US government loans for Boeing Dreamliner not at risk: Ex-Im Bank Daniel Reilly
"None of Ex-Im Bank's financings for 787 Dreamliner aircraft are at risk during, or after, this important FAA (Federal Aviation Administration) review to ensure passenger safety," Daniel Reilly, senior vice president for communications at the bank, said in response to a query.
"In addition to taking security interests in the Dreamliners themselves, the bank has protected taxpayers by obtaining guarantees and cross-collateralization - that is, the bank has security interests in other aircraft in addition to the financed Dreamliners," Reilly said.
The bank provides both direct loans and loan guarantees to help U.S. manufacturers sell their goods around the world.
In recent years, it has been a target of conservative Republicans in Congress, who say the government should not be involved in financing exports and worry taxpayers could be stuck with the bill in the case of default.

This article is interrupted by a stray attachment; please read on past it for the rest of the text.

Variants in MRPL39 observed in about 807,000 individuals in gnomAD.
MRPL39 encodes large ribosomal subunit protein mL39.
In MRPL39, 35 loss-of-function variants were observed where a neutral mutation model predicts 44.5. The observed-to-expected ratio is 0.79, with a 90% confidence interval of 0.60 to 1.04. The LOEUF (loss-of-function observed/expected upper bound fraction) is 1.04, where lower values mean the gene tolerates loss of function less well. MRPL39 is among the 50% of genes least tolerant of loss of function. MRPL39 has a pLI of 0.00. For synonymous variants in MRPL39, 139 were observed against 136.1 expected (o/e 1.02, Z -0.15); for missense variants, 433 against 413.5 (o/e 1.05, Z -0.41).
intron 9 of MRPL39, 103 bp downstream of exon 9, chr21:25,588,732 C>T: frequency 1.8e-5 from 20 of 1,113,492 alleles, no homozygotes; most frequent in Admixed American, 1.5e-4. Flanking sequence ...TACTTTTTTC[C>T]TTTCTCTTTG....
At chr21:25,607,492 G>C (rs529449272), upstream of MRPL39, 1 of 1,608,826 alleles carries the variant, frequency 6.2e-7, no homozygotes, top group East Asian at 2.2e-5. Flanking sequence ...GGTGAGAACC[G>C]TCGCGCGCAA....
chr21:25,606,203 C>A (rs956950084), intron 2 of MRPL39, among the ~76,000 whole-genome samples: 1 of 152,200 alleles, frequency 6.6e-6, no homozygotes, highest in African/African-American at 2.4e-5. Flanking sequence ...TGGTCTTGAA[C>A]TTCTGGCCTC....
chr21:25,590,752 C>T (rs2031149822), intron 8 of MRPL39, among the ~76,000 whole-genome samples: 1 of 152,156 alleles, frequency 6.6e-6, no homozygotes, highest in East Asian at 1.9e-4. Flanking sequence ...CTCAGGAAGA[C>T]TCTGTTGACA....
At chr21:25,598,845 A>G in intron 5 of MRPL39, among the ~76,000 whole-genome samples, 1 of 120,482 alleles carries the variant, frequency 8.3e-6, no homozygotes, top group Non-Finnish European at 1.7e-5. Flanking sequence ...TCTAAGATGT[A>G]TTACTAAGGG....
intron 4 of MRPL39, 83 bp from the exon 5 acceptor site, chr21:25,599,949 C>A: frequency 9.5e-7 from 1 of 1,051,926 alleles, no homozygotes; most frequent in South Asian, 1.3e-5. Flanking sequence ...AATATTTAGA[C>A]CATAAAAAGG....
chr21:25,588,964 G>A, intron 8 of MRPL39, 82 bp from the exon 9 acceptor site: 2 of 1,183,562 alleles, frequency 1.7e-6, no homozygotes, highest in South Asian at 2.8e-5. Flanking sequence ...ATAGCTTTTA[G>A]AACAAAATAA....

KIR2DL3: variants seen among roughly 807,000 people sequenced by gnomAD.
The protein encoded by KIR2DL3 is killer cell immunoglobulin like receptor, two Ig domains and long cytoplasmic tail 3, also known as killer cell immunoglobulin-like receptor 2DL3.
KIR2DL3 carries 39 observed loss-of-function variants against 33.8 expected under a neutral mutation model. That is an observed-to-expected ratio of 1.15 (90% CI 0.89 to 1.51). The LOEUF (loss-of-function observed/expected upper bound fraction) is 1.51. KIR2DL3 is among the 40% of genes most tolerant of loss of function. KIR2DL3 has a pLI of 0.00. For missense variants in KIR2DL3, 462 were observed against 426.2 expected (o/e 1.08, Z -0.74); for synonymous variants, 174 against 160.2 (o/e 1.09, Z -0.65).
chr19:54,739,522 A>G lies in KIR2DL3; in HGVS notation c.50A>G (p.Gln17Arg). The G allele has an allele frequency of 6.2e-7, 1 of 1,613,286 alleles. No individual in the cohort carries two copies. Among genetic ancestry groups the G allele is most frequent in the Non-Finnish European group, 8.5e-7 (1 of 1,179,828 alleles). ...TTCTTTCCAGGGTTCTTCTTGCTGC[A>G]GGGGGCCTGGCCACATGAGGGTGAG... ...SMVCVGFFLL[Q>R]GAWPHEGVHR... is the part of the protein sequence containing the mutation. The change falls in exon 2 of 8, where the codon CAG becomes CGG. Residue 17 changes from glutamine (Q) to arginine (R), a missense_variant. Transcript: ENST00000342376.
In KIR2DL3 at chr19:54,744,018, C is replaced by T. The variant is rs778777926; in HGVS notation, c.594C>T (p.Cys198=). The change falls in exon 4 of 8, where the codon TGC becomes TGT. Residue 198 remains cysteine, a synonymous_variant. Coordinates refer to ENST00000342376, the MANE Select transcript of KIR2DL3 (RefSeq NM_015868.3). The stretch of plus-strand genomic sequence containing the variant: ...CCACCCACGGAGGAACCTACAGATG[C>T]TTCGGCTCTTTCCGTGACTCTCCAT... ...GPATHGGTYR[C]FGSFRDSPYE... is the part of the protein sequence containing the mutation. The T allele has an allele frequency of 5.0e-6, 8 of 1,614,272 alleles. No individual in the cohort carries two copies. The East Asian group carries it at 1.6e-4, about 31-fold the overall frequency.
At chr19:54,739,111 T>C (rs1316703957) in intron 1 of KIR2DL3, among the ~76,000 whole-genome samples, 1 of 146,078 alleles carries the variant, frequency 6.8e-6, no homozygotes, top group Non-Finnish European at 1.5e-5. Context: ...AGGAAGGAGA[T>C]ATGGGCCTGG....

Boeing is both the largest U.S. exporter and the biggest recipient of Ex-Im Bank financing support.
The FAA temporarily grounded Boeing's new commercial airliner, the 787, on Wednesday, saying carriers would have to demonstrate the batteries were safe before the planes could resume flying.
Poland's state-controlled LOT Airlines said it would seek compensation from Boeing for grounding its two planes, adding to concern that a spate of incidents plaguing the Dreamliner could lead to bigger
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